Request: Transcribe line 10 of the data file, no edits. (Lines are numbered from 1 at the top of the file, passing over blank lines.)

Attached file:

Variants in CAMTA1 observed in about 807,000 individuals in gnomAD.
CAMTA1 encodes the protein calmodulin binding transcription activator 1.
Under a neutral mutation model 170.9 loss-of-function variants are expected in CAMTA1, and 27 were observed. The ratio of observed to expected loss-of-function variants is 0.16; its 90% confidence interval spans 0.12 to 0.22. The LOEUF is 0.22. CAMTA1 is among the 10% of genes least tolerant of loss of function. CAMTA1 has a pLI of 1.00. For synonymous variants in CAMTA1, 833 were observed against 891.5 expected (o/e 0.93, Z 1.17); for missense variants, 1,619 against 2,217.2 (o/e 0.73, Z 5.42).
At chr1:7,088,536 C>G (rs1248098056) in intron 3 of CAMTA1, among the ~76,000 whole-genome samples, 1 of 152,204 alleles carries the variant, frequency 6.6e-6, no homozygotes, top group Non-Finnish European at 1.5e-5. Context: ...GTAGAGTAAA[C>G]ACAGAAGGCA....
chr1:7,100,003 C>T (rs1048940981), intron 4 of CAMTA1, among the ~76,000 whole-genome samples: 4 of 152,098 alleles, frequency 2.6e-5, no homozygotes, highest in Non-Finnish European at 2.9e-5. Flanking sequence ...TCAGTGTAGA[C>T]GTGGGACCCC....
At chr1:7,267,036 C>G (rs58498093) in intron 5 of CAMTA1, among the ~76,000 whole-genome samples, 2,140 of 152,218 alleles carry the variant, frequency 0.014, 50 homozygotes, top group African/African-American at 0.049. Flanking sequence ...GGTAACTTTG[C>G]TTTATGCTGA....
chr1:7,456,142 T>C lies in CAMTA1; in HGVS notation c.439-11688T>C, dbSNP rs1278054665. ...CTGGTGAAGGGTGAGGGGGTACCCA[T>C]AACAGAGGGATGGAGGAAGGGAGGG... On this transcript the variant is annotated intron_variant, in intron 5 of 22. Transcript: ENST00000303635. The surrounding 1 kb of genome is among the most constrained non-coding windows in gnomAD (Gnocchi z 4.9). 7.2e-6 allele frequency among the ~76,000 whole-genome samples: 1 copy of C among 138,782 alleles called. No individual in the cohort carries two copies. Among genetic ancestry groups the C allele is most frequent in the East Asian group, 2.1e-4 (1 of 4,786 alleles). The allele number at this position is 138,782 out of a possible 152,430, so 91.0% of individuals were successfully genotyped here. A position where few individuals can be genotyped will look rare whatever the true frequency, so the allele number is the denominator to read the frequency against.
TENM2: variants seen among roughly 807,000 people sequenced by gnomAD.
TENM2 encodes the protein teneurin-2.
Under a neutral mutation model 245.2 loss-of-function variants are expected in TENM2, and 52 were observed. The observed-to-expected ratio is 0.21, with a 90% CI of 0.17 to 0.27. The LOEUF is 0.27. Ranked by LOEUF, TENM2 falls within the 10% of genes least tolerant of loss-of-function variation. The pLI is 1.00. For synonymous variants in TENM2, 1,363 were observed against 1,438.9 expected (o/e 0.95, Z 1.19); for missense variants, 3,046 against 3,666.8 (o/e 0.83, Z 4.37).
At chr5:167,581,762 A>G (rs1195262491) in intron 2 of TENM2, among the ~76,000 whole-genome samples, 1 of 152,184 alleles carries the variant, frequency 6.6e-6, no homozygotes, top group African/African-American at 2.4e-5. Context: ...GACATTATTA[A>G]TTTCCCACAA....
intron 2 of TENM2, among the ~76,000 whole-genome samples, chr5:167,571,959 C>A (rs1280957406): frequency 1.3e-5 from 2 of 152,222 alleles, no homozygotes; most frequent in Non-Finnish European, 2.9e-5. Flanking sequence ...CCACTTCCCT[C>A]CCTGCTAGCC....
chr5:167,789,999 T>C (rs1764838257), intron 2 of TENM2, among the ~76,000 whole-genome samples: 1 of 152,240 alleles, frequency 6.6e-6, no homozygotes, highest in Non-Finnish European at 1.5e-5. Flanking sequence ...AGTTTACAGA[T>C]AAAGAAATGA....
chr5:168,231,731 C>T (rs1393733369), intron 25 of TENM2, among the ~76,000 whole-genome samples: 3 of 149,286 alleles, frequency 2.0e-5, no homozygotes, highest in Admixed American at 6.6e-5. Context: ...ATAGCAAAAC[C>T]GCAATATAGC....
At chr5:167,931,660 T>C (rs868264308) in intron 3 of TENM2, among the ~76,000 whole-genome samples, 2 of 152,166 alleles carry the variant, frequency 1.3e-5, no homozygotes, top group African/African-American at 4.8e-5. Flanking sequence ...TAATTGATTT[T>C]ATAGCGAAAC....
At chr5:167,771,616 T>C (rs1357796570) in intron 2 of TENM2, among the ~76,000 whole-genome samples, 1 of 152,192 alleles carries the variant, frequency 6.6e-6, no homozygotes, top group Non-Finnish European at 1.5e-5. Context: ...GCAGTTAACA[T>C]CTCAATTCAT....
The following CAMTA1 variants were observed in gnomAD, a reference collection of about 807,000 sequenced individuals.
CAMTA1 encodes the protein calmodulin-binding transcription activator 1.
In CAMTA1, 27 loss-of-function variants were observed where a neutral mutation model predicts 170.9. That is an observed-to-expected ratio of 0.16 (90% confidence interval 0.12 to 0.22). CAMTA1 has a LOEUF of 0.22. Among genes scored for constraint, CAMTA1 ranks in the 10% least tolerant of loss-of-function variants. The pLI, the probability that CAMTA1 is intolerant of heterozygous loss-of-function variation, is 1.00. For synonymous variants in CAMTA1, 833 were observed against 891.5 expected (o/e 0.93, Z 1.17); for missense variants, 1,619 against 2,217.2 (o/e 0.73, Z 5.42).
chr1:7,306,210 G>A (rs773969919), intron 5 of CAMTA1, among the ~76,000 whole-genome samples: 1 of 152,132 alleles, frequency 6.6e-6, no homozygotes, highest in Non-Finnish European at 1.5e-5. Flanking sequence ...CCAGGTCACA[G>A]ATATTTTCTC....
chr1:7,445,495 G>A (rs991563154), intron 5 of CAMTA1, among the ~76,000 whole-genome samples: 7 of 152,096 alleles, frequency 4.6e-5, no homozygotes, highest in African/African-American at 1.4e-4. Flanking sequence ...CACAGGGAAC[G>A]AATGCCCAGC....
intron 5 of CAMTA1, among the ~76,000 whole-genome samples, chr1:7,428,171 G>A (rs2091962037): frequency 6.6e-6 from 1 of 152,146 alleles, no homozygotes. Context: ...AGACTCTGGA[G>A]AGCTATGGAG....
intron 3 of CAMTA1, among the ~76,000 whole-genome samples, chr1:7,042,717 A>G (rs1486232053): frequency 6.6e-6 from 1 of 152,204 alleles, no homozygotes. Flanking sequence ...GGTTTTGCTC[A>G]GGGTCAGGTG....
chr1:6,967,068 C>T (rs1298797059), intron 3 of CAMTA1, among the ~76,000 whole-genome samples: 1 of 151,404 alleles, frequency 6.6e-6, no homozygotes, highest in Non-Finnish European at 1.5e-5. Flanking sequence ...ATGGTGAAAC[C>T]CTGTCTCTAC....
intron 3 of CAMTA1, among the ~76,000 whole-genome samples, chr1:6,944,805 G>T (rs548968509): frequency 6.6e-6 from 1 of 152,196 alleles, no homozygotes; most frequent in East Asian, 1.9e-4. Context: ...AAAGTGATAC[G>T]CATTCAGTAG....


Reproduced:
Under a neutral mutation model 245.2 loss-of-function variants are expected in TENM2, and 52 were observed. The observed-to-expected ratio is 0.21, with a 90% CI of 0.17 to 0.27. The LOEUF is 0.27. Ranked by LOEUF, TENM2 falls within the 10% of genes least tolerant of loss-of-function variation. The pLI is 1.00. For synonymous variants in TENM2, 1,363 were observed against 1,438.9 expected (o/e 0.95, Z 1.19); for missense variants, 3,046 against 3,666.8 (o/e 0.83, Z 4.37).